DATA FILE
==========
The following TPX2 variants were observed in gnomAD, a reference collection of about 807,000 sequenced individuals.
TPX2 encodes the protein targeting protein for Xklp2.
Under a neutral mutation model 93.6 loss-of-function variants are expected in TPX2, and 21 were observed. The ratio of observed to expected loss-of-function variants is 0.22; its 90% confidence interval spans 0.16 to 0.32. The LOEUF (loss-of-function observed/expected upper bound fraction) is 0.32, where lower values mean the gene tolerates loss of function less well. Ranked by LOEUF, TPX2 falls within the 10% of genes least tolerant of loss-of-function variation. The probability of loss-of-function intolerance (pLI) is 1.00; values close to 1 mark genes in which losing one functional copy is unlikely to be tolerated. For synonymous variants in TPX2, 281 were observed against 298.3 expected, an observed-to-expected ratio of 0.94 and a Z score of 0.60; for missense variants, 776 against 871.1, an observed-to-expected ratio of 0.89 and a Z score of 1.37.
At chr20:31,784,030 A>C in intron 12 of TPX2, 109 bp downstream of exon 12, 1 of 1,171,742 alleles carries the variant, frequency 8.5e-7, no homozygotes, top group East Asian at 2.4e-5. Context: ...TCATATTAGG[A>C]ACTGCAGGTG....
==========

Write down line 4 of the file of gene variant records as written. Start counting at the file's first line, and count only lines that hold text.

At chr20:31,784,030 A>C in intron 12 of TPX2, 109 bp downstream of exon 12, 1 of 1,171,742 alleles carries the variant, frequency 8.5e-7, no homozygotes, top group East Asian at 2.4e-5. Context: ...TCATATTAGG[A>C]ACTGCAGGTG....